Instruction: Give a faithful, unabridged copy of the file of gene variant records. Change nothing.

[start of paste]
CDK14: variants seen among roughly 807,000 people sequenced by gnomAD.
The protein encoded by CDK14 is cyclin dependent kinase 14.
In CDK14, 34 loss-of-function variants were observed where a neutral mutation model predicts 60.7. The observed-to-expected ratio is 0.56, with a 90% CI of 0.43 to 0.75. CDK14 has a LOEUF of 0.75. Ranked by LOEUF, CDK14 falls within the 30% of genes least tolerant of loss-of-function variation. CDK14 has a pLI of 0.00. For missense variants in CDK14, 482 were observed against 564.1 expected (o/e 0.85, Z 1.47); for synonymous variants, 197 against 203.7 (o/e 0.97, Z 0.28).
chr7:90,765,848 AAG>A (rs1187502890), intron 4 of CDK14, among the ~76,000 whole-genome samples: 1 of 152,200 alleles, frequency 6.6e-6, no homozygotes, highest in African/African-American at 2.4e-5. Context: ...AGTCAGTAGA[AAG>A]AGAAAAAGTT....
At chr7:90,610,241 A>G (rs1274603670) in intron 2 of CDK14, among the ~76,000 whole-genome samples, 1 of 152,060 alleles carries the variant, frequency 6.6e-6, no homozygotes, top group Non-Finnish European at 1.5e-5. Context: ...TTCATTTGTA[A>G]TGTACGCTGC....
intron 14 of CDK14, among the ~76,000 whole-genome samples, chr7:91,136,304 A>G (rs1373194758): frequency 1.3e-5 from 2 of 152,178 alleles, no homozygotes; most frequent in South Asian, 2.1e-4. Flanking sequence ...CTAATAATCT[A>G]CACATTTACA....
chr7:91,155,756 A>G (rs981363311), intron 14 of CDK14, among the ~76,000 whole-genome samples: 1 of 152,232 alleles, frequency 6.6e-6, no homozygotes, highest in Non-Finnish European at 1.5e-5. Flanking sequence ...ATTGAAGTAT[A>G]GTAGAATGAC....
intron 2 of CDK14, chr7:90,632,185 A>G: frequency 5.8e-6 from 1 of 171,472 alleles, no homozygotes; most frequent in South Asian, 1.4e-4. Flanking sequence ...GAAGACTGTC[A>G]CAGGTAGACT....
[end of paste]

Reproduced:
CDK14: variants seen among roughly 807,000 people sequenced by gnomAD.
The protein encoded by CDK14 is cyclin dependent kinase 14.
In CDK14, 34 loss-of-function variants were observed where a neutral mutation model predicts 60.7. The observed-to-expected ratio is 0.56, with a 90% CI of 0.43 to 0.75. CDK14 has a LOEUF of 0.75. Ranked by LOEUF, CDK14 falls within the 30% of genes least tolerant of loss-of-function variation. CDK14 has a pLI of 0.00. For missense variants in CDK14, 482 were observed against 564.1 expected (o/e 0.85, Z 1.47); for synonymous variants, 197 against 203.7 (o/e 0.97, Z 0.28).
chr7:90,765,848 AAG>A (rs1187502890), intron 4 of CDK14, among the ~76,000 whole-genome samples: 1 of 152,200 alleles, frequency 6.6e-6, no homozygotes, highest in African/African-American at 2.4e-5. Context: ...AGTCAGTAGA[AAG>A]AGAAAAAGTT....
At chr7:90,610,241 A>G (rs1274603670) in intron 2 of CDK14, among the ~76,000 whole-genome samples, 1 of 152,060 alleles carries the variant, frequency 6.6e-6, no homozygotes, top group Non-Finnish European at 1.5e-5. Context: ...TTCATTTGTA[A>G]TGTACGCTGC....
intron 14 of CDK14, among the ~76,000 whole-genome samples, chr7:91,136,304 A>G (rs1373194758): frequency 1.3e-5 from 2 of 152,178 alleles, no homozygotes; most frequent in South Asian, 2.1e-4. Flanking sequence ...CTAATAATCT[A>G]CACATTTACA....
chr7:91,155,756 A>G (rs981363311), intron 14 of CDK14, among the ~76,000 whole-genome samples: 1 of 152,232 alleles, frequency 6.6e-6, no homozygotes, highest in Non-Finnish European at 1.5e-5. Flanking sequence ...ATTGAAGTAT[A>G]GTAGAATGAC....
intron 2 of CDK14, chr7:90,632,185 A>G: frequency 5.8e-6 from 1 of 171,472 alleles, no homozygotes; most frequent in South Asian, 1.4e-4. Flanking sequence ...GAAGACTGTC[A>G]CAGGTAGACT....